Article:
Thursday, 15 September 2011

What Is Ratatouille?

    Goodbye summer. You will be missed.  Dylan Troyer
After I graduated from University I applied for a job at my local public library.  It was my first ‘professional’ job interview.  I was called into the Chief Librarian’s office.     Instead of asking the usual questions regarding education, experience etc. he asked me, “What is ratatouille?”  He looked at me condescendingly, I suspect, thinking I wouldn’t have a clue about what he had just asked me. 

I looked straight into his eyes and answered, “Well Sir it is a dish that originated in southern France and cooks all day.  It can be served as a vegetarian dish or if you prefer you can add some meat.  The one I ate in France had eggplant, zucchini also called courgette, tomatoes, green pepper, onions and garlic in it.  A splash of good olive oil was added and a generous grind of fresh pepper.”  He arrogantly looked at me in complete surprise.  By that time I knew I could not work with this man.  I stood up and told him that, “I was no longer interested in the job” and I walked out shutting the door behind me.  I never looked back but I did look forward to going home that day to make a pan of Ratatouille. 

Ratatouille is an easy and inexpensive vegetarian dish to make.  It is a healthy choice.   It is straightforward to put together and this is the perfect time of the year to make it.  September is a bountiful month in southern Ontario.  Here is my Mom’s version Canadian style.

 Bea’s Fresh Vegetable Stew

4 average size zucchini, sliced
3 medium tomatoes sliced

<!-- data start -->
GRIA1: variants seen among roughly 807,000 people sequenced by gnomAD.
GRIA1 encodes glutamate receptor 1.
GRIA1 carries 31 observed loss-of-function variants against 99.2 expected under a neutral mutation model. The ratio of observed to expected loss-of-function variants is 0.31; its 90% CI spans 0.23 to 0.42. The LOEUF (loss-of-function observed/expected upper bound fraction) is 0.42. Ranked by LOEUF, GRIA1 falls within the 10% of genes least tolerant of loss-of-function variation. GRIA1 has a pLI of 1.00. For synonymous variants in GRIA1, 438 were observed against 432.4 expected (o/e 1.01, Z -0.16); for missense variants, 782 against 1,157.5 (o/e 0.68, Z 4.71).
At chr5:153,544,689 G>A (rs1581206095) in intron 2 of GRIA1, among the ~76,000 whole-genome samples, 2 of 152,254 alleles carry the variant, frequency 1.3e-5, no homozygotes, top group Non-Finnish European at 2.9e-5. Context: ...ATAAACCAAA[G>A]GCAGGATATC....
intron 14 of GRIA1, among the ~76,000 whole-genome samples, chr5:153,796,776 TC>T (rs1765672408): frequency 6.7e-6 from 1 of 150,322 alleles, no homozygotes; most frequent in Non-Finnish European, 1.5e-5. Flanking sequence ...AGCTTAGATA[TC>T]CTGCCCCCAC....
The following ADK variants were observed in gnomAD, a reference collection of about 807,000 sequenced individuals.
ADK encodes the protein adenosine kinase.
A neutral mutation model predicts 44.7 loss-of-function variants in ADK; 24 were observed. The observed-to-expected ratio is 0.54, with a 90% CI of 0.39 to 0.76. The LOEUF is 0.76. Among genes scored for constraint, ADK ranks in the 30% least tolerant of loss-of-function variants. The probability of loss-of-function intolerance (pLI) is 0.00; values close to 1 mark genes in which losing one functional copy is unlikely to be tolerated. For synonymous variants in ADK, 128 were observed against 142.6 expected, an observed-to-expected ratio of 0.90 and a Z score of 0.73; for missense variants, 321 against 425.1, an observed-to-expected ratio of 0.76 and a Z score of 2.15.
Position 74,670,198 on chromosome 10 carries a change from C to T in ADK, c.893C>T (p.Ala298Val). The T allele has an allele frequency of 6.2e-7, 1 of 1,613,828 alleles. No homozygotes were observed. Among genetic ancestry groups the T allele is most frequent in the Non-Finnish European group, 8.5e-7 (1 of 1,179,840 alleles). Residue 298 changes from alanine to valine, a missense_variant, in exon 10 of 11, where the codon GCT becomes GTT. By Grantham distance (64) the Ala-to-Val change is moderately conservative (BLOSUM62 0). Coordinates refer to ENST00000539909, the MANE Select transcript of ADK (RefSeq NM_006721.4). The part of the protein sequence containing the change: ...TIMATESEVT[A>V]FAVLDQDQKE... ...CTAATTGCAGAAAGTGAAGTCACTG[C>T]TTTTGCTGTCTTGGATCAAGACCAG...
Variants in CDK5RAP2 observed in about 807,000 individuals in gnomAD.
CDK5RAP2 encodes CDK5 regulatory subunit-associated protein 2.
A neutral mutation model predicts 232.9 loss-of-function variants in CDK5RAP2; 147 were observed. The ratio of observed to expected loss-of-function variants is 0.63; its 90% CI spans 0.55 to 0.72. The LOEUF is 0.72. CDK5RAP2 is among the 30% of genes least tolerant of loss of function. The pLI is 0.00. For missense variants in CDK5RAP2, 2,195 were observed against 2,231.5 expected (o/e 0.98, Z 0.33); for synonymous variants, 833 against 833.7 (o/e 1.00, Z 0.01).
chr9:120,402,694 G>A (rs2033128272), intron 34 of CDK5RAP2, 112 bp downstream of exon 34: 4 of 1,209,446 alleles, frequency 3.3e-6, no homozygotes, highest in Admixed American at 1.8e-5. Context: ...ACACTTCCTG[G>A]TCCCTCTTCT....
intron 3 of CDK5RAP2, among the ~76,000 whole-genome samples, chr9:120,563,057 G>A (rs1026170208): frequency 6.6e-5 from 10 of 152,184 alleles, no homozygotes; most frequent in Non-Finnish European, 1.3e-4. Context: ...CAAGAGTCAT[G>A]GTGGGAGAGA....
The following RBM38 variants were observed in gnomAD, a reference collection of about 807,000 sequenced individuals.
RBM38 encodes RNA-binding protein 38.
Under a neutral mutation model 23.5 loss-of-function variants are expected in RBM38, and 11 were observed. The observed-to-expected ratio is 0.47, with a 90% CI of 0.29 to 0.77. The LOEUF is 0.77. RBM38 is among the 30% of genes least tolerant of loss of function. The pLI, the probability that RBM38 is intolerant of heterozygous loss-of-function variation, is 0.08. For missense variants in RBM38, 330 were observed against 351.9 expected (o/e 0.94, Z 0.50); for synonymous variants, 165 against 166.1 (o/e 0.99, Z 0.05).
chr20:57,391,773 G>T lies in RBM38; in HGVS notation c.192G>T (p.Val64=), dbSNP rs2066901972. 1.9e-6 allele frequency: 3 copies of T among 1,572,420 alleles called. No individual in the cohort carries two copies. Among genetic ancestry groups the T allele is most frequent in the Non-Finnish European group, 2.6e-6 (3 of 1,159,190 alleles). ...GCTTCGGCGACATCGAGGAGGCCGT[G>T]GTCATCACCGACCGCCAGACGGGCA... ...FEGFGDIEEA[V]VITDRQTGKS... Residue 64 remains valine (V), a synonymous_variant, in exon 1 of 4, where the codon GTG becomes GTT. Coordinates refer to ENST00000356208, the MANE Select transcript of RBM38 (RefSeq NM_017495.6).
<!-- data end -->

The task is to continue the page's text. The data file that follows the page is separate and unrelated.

Assortment of peppers sliced (yellow, red, hot, green)
Cube an eggplant if you have it
3 medium onions, sliced
1/2 cup vegetable oil
Black pepper
In a large frying pan, at a medium temperature heat the oil then add the vegetables.  Stir and cook them until the tomato softens and the juice runs.  Lower the heat and cover the pan.  Cook for thirty minutes.  If it gets a bit dry add either a splash of water or tomato juice and let it simmer a further 30 minutes until everything has cooked. * It could take a bit longer if you have added eggplant.  Serve it with a nice loaf of crusty bread and a bottle of wine. Enjoy!
A lot of people enjoy the zucchini flowers made into fritters.  Natalie Campagnolo, Owner/Instructor of ‘La Cucina di Natalina, Italian Cooking School’ has generously provided me with her recipe for the fritters as well as the pictures of zucchini from her garden.  Check out her website:

Zucchini Blossom Fritters

2 cups zucchini blossoms, washed, blanched, *see instructions below
3 cups flour
1 tsp. salt
1/3 tsp. Baking Powder
2 ¾ cups water + extra if needed

Pick flowers when they are open, watch for bees and other insects. (2 large steel bowls equal roughly 2 cups cooked)  I gather my blossoms daily, in the am over 4-5 mornings until I have enough.  You could also blanch them, cool them off and freeze until you have enough.  They are very perishable and don’t last long in the fridge. Remove the stem and other green pieces on the “cap” .Tear gently in 2 pieces and wash. Bring water to a boil and add blossoms.  Boil for approx. 5 minutes until limp and cooked. Let them cool off. Season blossoms with a little salt

In a large bowl mix the dry ingredients, add water and whisk until no lumps remain
Add blossoms to the batter and using your hand mix until all is incorporated and the batter is a light yellow colour.  It should be the consistency of pancake batter.
Heat vegetable oil in a large non-stick frying pan.  When it is hot enough fry about 1/3 cup of batter at a time, spreading it out so it is not too thick (add a little more water if necessary to thin out).  Cook and turn while frying until golden on both sides (you may have to turn them over a few times).  Drain on paper towels, serve hot.
Sprinkle with sea salt if you wish & Enjoy!

If you want to read about the zucchini’s nutritional benefits check out this link: .


1 comment:

Anonymous said...

I am a vegetarian so it's nice to see the recipe not using meat. Thanks.